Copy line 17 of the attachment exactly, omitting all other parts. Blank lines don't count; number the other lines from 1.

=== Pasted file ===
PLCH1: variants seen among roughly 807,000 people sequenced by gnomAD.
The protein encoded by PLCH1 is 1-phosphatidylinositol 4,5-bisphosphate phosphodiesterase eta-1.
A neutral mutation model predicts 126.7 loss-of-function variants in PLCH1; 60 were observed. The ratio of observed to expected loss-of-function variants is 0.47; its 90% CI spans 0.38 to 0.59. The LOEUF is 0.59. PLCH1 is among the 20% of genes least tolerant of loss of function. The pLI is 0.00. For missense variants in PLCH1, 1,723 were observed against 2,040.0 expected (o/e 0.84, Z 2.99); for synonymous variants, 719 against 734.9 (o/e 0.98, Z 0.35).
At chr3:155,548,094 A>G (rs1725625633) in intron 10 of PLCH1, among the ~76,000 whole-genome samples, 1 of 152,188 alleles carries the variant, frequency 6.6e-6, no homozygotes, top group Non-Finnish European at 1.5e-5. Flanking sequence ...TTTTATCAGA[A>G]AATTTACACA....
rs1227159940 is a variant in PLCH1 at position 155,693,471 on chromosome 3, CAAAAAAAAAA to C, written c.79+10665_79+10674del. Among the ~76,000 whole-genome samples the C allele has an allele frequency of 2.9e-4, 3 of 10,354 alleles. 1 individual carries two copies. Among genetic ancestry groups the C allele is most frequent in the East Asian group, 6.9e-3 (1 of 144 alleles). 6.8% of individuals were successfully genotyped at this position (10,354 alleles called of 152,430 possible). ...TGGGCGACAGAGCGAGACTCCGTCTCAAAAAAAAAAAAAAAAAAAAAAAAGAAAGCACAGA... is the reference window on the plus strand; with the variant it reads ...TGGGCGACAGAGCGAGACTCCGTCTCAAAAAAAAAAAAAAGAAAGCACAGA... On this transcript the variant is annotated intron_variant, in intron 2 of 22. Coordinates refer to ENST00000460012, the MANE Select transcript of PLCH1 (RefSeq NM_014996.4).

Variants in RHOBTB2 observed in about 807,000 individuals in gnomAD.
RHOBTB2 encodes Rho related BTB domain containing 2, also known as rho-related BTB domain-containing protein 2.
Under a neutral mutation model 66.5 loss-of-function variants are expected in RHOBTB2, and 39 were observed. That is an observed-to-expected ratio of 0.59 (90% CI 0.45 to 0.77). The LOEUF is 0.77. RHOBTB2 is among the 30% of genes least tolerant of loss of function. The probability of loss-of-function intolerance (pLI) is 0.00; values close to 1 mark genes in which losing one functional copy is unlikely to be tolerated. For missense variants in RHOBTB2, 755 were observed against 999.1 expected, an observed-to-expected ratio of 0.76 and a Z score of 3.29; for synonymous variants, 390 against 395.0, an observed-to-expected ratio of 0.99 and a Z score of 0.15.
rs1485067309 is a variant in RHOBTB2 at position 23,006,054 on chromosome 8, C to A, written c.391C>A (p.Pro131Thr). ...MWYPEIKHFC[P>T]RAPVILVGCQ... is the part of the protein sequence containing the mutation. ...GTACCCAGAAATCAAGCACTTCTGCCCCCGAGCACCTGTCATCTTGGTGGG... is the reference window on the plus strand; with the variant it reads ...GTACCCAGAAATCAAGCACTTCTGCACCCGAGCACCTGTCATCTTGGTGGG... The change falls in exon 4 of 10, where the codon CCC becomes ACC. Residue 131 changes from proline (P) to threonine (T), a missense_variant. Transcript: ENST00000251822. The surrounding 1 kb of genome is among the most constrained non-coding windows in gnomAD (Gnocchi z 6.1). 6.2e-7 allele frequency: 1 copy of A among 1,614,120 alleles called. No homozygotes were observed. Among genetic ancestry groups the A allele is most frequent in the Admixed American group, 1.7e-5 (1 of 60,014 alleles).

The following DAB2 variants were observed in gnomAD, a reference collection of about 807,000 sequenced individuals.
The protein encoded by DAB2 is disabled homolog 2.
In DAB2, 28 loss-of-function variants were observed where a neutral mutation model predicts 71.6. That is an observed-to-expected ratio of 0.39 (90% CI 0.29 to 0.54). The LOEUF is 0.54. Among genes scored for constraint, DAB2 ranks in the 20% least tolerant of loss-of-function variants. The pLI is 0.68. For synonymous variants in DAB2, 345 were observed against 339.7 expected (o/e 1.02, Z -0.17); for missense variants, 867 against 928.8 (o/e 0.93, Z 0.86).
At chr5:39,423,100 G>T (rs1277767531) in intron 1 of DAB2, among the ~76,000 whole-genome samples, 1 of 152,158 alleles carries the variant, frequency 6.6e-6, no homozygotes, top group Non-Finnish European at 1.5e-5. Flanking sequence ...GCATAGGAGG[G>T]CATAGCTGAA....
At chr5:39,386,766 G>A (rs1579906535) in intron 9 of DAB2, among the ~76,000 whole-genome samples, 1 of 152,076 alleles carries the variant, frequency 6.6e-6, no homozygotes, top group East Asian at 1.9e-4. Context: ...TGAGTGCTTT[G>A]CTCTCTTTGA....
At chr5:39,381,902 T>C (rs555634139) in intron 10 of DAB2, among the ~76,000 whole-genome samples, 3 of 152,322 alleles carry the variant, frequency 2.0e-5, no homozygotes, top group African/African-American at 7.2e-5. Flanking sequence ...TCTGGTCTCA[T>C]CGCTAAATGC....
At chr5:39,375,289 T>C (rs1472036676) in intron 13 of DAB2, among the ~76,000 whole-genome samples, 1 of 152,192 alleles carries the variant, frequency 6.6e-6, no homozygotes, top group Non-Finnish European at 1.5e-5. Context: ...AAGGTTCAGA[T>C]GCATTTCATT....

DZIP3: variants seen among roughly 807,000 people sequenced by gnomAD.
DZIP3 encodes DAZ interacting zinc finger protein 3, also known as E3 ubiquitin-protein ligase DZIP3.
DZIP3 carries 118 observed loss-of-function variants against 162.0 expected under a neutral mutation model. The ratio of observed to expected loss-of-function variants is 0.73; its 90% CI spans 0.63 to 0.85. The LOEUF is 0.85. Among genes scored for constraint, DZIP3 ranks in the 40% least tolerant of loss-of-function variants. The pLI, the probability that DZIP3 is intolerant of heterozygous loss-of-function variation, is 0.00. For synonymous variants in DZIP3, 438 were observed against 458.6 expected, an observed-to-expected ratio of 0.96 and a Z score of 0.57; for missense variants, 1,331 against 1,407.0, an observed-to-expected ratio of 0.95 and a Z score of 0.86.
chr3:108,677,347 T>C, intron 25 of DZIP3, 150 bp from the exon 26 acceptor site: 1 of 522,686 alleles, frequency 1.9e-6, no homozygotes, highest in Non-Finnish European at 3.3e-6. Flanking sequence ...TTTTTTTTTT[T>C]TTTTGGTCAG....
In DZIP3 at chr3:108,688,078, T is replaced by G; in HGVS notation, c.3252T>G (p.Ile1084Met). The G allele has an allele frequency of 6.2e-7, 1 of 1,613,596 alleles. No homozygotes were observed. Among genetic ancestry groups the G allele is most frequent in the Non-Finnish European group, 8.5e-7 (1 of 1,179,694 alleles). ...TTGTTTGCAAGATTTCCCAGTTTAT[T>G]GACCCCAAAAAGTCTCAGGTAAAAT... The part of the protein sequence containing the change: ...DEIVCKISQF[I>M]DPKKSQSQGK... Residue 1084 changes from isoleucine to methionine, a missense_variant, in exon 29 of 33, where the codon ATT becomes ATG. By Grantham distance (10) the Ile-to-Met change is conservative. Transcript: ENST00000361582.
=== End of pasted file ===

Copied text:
DZIP3: variants seen among roughly 807,000 people sequenced by gnomAD.